Tommy McInally, a player who I learned about through the wonderful David Potter

I was saddened to hear of the death of David Potter, a knowledgeable man who wrote so many books on our beloved club. One of those books was about Tommy McInally. A former Celtic favourite who most folk wouldn’t know about if it wasn’t for the writing and research of David.

A fellow writer at The Celtic Star, I wasn’t fortunate enough to meet David, but I more than knew about his work and is someone I respected well. The world has lost a good author and most importantly a good man. This piece I wrote was only possible through the knowledge of David…

Tommy McInally a so called bad bhoy was a favourite of the Celtic supporters in the 1920s. He was a favourite of the great Willie Maley who reckoned he was one of the best players he had managed, once quoted as saying he was the greatest. Very high praise indeed.

Very little Is known about the early years of Tommy’s life due to lack of records, but they reckon he was born in Glasgow with Irish heritage due to his love for the Irish cause. He had many siblings as many families did in that era. He was the youngest of a large brood and was raised in Barrhead.

Tommy signed for his beloved Celtic in 1919 from junior outfit StAnthony’s despite interest from many clubs including Rangers. He scored a hat trick on his debut, in fact he scored four trebles in total that season netting an overall impressive 39 goals in his debut season, his highest total in a season with Celtic.

Tommy was more of a creative player than goalscorer with many players such as the great Jimmy McGrory benefiting from Tommy’s industry. In his time at Celtic Park he helped Celtic win two league titles. a Scottish cup, two Charity cups and two Glasgow cups, trophies that were a big deal in those days. He had two spells at Celtic with a stint at Third Lanark sandwiched in between.

He also represented Scotland on two occasions as well as having spells down south with Sunderland and Bournemouth, and as his career drew to a close, spells with Morton, Derry city and Armadale.

Celtic’s Tommy McInally in action against East Fife

Tommy was a bit of a handful, a rebel you could say. He had a fondness for the bevvy and liked his grub, as was noticeable in the later end of his career as the skinny young frame that he carried in his younger years turned into a much larger one. Something he was teased quite a lot about.

Tommy himself would often make jokes about his weight, he was quite the joker, it was often said he would have made a decent stand up comedian had he not pursued a career in football.

His larger than life character often got him into bother with Willie Maley and referees. Despite having a reputation as a bit of a bad boy, Tommy would often go to chapel, and a swear word was never heard leaving his lips, unheard of in a football player.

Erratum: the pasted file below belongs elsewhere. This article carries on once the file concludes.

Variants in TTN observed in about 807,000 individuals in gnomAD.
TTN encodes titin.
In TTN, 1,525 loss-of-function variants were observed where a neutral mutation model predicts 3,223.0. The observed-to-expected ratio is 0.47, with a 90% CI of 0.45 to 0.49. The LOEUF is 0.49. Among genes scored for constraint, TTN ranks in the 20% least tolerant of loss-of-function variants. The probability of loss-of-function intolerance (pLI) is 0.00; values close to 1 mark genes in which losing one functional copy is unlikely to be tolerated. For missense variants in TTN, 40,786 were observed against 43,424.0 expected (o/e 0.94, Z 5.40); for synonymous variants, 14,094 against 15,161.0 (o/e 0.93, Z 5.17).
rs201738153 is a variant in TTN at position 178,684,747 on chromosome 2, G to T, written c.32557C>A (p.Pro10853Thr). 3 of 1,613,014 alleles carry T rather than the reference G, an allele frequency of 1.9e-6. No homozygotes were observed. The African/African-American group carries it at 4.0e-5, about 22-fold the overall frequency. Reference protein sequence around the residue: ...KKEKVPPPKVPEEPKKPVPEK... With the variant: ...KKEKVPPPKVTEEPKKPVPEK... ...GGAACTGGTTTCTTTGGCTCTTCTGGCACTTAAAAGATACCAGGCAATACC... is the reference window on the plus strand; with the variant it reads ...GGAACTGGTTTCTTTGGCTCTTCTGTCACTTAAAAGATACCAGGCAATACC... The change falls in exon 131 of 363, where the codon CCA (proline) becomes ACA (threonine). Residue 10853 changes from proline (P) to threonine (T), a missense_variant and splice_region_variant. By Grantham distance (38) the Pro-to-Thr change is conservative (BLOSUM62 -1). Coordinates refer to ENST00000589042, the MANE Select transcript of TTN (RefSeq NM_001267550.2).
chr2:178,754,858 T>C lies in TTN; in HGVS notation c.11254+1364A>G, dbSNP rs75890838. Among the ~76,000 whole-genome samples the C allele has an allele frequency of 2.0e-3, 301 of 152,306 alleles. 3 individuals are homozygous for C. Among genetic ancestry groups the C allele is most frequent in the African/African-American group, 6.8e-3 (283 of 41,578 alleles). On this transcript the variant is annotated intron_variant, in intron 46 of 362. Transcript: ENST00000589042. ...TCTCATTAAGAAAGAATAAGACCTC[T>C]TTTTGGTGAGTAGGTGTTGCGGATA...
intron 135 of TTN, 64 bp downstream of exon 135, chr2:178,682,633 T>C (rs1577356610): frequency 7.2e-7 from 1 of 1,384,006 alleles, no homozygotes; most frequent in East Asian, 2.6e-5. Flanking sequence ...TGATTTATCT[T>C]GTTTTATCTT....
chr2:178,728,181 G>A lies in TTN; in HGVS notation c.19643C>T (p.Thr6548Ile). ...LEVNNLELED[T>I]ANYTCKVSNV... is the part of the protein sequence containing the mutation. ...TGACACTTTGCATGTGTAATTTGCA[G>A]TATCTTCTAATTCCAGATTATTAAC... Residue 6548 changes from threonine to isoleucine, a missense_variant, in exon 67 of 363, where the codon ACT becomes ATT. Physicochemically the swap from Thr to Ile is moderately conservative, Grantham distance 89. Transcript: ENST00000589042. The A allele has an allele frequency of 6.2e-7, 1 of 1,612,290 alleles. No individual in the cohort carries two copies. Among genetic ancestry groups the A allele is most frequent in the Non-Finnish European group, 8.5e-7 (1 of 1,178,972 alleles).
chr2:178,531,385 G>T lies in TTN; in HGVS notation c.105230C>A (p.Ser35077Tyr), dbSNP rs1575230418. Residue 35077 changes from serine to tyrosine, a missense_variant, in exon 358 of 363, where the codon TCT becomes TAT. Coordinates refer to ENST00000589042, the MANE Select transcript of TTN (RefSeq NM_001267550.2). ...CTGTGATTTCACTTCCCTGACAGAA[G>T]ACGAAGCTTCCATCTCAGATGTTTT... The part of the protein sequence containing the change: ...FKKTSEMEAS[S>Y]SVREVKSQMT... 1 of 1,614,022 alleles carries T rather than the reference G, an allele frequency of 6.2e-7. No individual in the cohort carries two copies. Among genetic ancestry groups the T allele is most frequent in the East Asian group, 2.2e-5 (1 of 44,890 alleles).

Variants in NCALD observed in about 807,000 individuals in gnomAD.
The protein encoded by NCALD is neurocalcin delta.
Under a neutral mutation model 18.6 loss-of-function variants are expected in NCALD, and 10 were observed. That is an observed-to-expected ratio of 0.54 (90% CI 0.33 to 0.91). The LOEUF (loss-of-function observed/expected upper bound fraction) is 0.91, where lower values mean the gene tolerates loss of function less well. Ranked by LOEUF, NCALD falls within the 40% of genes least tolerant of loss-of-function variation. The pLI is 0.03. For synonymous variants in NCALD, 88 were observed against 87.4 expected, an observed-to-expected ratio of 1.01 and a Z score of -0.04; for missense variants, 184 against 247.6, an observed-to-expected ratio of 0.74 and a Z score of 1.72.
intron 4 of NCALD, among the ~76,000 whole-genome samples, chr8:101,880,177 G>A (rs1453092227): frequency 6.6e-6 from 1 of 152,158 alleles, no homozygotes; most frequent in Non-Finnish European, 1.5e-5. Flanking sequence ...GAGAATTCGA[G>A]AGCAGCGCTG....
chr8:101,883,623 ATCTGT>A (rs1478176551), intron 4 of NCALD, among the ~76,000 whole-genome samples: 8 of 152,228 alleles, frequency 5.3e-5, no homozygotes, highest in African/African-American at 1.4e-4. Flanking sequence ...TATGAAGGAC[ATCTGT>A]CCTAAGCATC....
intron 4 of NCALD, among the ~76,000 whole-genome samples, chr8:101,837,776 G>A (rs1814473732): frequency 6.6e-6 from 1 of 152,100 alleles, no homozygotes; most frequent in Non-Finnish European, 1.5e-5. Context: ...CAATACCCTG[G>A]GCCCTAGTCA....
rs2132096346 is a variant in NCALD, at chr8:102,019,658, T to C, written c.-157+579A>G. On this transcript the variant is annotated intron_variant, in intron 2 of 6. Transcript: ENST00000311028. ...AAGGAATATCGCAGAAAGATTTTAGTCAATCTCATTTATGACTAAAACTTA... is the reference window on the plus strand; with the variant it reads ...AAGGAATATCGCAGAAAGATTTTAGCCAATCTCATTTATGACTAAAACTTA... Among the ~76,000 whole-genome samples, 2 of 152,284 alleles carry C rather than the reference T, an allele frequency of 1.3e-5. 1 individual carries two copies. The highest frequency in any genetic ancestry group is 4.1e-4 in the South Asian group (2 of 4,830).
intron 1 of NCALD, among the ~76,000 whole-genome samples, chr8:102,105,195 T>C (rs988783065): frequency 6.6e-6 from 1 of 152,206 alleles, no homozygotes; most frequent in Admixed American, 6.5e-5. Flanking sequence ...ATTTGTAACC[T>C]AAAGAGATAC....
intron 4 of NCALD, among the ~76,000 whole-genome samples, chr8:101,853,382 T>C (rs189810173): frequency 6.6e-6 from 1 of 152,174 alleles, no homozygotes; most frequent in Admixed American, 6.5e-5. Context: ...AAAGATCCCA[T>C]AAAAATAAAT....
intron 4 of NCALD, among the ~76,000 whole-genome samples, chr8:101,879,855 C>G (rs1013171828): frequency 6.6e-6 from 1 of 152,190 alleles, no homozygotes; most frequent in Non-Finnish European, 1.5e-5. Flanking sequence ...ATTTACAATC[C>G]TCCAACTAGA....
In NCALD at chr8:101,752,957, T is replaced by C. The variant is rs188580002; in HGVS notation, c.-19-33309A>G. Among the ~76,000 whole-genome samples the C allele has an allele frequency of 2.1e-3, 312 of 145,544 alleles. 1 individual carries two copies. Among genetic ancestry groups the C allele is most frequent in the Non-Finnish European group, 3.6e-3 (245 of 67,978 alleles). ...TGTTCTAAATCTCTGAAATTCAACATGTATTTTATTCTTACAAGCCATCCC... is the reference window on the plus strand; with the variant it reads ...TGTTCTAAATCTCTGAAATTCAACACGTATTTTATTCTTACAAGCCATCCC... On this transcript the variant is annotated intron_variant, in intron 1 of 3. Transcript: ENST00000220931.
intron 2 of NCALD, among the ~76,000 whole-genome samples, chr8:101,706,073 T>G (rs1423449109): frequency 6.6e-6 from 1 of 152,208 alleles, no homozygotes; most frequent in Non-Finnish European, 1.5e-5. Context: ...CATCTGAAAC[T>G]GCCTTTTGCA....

He was also quite generous and often helped out with charity events. Tommy was a firm favourite of the Celtic crowd, but they could sometimes be left frustrated with him too. He was that type of player, when he was on form he was a joy to watch but on the other hand if he couldn’t be bothered he was poor.

Tommy was a bit of a mammy’s boy, not surprising being the youngest, and he once turned down a move to England which would have been financially very rewarding. All down to his mother who didn’t want him to move.

After he finished playing he regularly appeared in charity games and wrote newspaper columns as well as being a Celtic scout before passing away at the age of 56 in 1955.

They say his lack of discipline stopped him from having a better career, but he did play for the club he loved winning trophies while being worshiped by the Celtic supporters which I’m sure was all he ever wanted.

Tommy McInally

All in all Tommy was a bit of a rascal, but also a kind generous man and a true Celtic hero. With 213 appearances and 127 goals to his name as well as winning trophies and entertaining the Celtic crowd for many a year, Tommy can rightly go down as an iconic figure in the history of Celtic football club, just like his biographer David Potter.

Just an Ordinary Bhoy

About Author

The Celtic Star founder and editor David Faulds has edited numerous Celtic books over the past decade or so including several from Lisbon Lions, Willie Wallace, Tommy Gemmell and Jim Craig. Earliest Celtic memories include a win over East Fife at Celtic Park and the 4-1 League Cup loss to Partick Thistle as a 6 year old. Best game? Easy 4-2, 1979 when Ten Men Won the League. Email

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